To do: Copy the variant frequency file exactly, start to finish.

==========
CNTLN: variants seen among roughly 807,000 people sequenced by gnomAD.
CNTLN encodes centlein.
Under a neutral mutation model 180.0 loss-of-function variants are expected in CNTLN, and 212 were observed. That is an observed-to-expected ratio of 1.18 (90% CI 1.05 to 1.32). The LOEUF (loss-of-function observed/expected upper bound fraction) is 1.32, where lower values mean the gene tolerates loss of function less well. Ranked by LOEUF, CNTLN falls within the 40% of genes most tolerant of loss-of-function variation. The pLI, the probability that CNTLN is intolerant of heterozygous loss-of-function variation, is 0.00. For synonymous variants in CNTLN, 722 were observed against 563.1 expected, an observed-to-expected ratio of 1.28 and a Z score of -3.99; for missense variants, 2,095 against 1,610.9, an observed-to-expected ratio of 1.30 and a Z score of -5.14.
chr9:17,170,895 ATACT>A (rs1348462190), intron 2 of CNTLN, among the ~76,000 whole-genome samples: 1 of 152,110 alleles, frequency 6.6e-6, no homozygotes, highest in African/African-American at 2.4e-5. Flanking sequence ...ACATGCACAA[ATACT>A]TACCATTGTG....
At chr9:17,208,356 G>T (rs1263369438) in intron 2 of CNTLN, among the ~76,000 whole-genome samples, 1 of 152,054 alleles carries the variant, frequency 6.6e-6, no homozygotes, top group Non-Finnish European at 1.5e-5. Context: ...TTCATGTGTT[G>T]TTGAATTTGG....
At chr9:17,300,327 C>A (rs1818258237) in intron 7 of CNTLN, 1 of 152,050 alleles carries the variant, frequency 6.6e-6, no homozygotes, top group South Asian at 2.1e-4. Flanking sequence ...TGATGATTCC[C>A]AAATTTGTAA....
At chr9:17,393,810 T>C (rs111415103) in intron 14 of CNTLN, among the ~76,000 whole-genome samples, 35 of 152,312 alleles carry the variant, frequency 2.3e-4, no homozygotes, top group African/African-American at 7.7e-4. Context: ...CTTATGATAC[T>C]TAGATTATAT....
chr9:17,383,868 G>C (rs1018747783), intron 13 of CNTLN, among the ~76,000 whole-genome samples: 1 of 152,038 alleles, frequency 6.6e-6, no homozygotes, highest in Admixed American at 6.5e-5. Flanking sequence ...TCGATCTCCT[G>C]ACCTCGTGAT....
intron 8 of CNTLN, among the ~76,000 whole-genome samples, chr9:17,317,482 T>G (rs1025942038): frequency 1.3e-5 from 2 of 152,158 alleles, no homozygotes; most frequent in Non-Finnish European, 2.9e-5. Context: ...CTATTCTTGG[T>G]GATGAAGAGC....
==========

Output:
CNTLN: variants seen among roughly 807,000 people sequenced by gnomAD.
CNTLN encodes centlein.
Under a neutral mutation model 180.0 loss-of-function variants are expected in CNTLN, and 212 were observed. That is an observed-to-expected ratio of 1.18 (90% CI 1.05 to 1.32). The LOEUF (loss-of-function observed/expected upper bound fraction) is 1.32, where lower values mean the gene tolerates loss of function less well. Ranked by LOEUF, CNTLN falls within the 40% of genes most tolerant of loss-of-function variation. The pLI, the probability that CNTLN is intolerant of heterozygous loss-of-function variation, is 0.00. For synonymous variants in CNTLN, 722 were observed against 563.1 expected, an observed-to-expected ratio of 1.28 and a Z score of -3.99; for missense variants, 2,095 against 1,610.9, an observed-to-expected ratio of 1.30 and a Z score of -5.14.
chr9:17,170,895 ATACT>A (rs1348462190), intron 2 of CNTLN, among the ~76,000 whole-genome samples: 1 of 152,110 alleles, frequency 6.6e-6, no homozygotes, highest in African/African-American at 2.4e-5. Flanking sequence ...ACATGCACAA[ATACT>A]TACCATTGTG....
At chr9:17,208,356 G>T (rs1263369438) in intron 2 of CNTLN, among the ~76,000 whole-genome samples, 1 of 152,054 alleles carries the variant, frequency 6.6e-6, no homozygotes, top group Non-Finnish European at 1.5e-5. Context: ...TTCATGTGTT[G>T]TTGAATTTGG....
At chr9:17,300,327 C>A (rs1818258237) in intron 7 of CNTLN, 1 of 152,050 alleles carries the variant, frequency 6.6e-6, no homozygotes, top group South Asian at 2.1e-4. Flanking sequence ...TGATGATTCC[C>A]AAATTTGTAA....
At chr9:17,393,810 T>C (rs111415103) in intron 14 of CNTLN, among the ~76,000 whole-genome samples, 35 of 152,312 alleles carry the variant, frequency 2.3e-4, no homozygotes, top group African/African-American at 7.7e-4. Context: ...CTTATGATAC[T>C]TAGATTATAT....
chr9:17,383,868 G>C (rs1018747783), intron 13 of CNTLN, among the ~76,000 whole-genome samples: 1 of 152,038 alleles, frequency 6.6e-6, no homozygotes, highest in Admixed American at 6.5e-5. Flanking sequence ...TCGATCTCCT[G>C]ACCTCGTGAT....
intron 8 of CNTLN, among the ~76,000 whole-genome samples, chr9:17,317,482 T>G (rs1025942038): frequency 1.3e-5 from 2 of 152,158 alleles, no homozygotes; most frequent in Non-Finnish European, 2.9e-5. Context: ...CTATTCTTGG[T>G]GATGAAGAGC....